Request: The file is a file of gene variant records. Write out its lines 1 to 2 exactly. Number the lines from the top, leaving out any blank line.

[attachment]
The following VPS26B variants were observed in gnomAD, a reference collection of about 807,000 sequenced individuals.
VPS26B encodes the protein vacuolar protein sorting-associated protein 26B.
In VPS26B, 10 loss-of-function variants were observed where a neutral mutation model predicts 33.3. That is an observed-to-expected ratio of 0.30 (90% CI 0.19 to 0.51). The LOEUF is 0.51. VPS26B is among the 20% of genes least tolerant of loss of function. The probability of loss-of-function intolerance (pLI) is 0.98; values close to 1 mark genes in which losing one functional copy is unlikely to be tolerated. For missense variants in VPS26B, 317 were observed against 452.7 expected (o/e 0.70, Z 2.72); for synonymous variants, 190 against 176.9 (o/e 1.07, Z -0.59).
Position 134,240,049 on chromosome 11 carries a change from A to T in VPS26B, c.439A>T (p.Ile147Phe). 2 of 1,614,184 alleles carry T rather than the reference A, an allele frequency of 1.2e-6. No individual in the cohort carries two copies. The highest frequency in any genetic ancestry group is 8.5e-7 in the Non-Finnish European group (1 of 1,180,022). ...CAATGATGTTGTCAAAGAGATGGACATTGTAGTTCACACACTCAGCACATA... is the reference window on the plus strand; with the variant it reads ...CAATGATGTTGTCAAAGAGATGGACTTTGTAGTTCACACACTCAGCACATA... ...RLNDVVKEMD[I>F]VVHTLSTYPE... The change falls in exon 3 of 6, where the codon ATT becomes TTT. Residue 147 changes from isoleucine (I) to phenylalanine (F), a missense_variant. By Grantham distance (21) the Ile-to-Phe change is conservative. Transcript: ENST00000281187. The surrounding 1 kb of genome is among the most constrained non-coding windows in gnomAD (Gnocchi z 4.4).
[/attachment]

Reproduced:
The following VPS26B variants were observed in gnomAD, a reference collection of about 807,000 sequenced individuals.
VPS26B encodes the protein vacuolar protein sorting-associated protein 26B.